COLUMBUS, Ohio — Gov. Mike DeWine on Tuesday made further alterations to Ohio's stay-at-home order, emphasizing that it's time for citizens to take more "personal responsibility."
The governor first renamed the measure the "Stay Safe Ohio" order on April 30, one day before the state's economy began to reopen. Today, it was changed to an urgent health advisory entitled "Ohioans Protecting Ohioans," which will lift several restrictions on individuals while at the same time urging them to keep proceeding with caution.
Among the changes, some things that were once orders will still be incorporated but will now become "strong recommendations," such as social distancing and limits on certain mass gatherings. In addition, travel restrictions have officially been lifted, although DeWine still says it would not be wise to go outside the state if it's not necessary.
DeWine says his administration has been able to lift some of these restrictions because of the exemplary job Ohioans did in flattening the curve and preventing hospitals from becoming overwhelmed, as well as the decrease of the state's infection rate to just 1:1. However, he continues to emphasize that the risk of COVID-19 remains, and that residents should not let their guard down.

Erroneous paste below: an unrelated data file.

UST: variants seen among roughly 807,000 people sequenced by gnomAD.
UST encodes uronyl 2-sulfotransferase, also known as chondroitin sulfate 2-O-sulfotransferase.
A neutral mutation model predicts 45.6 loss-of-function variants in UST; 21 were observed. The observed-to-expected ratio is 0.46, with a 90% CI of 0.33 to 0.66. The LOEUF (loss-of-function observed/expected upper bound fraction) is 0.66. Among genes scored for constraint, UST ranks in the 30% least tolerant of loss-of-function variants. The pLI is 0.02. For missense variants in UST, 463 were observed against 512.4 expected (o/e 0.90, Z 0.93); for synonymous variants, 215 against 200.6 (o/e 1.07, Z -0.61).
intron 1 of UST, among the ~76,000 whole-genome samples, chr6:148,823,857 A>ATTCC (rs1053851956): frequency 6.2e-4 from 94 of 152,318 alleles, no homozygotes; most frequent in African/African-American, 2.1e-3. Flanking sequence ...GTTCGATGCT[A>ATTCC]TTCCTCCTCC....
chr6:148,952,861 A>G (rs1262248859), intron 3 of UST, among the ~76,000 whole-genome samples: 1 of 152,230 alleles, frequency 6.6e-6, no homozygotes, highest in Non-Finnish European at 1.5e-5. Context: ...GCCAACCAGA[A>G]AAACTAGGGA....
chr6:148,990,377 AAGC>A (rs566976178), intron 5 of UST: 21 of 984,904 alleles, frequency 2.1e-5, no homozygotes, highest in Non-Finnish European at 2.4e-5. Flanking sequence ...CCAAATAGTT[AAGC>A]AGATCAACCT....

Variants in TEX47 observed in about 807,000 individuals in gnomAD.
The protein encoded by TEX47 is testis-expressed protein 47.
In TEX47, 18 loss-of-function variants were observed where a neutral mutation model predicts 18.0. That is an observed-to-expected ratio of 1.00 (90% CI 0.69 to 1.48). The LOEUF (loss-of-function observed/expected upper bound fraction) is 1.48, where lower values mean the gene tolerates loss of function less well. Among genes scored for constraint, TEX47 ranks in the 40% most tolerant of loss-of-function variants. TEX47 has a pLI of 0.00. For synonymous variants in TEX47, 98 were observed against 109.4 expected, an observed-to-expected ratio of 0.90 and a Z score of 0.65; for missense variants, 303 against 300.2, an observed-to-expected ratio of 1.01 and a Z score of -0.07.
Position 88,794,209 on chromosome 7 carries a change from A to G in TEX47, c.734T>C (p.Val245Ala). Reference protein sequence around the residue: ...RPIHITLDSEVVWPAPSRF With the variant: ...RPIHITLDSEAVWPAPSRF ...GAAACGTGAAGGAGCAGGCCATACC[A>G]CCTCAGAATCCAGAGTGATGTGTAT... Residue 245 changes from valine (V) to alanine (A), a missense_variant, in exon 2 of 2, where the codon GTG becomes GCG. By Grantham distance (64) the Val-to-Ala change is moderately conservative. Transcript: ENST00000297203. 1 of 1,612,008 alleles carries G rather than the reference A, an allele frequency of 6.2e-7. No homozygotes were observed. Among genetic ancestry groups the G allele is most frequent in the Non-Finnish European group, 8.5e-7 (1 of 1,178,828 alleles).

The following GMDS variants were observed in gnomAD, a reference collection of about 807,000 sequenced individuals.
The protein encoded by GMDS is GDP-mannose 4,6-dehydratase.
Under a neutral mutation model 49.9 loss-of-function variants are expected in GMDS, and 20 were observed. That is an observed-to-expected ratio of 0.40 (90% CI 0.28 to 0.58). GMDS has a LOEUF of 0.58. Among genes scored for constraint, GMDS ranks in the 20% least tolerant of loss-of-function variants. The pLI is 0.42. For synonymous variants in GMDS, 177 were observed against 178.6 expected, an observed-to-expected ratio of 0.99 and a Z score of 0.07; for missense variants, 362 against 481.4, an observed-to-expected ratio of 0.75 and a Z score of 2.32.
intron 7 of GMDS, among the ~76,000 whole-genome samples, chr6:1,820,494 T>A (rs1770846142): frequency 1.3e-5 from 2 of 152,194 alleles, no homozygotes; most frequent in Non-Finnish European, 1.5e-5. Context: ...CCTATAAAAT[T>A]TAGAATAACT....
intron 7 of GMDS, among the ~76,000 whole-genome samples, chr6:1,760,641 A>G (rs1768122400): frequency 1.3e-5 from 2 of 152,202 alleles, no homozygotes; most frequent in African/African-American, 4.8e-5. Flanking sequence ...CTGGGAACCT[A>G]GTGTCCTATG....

"The risk to the health of all Ohioans remains high, and we must protect each other," DeWine said. "We owe it to each other."
Although all Ohioans will no longer be "required" to stay at home when possible, certain "orders" will remain in place, such as guidelines on businesses looking to reopen after being shut down at the outset of the pandemic. DeWine has previously threatened non-compliant businesses (particularly overcrowded bars and restaurants) with penalties, and reiterated that promise on this day.
"If somebody is not controlling the environment, we're going to hold the people who own the bars and who own the restaurants accountable," he said. "It's not fair to all the other bars and all the other restaurants that are complying...if you have an outlier that is not doing what they should be doing."
Some have feared the governor's office has moved too fast to reopen the state, especially with the governor himself stating that the virus is still a real threat. Despite these fears, DeWine remains confident Ohioans overall will continue to do the right thing.
"I think Ohioans have demonstrated over the last two months [that] they will use their common sense," he stated. "They will do what needs to be done."
Watch DeWine's entire press conference in the player below: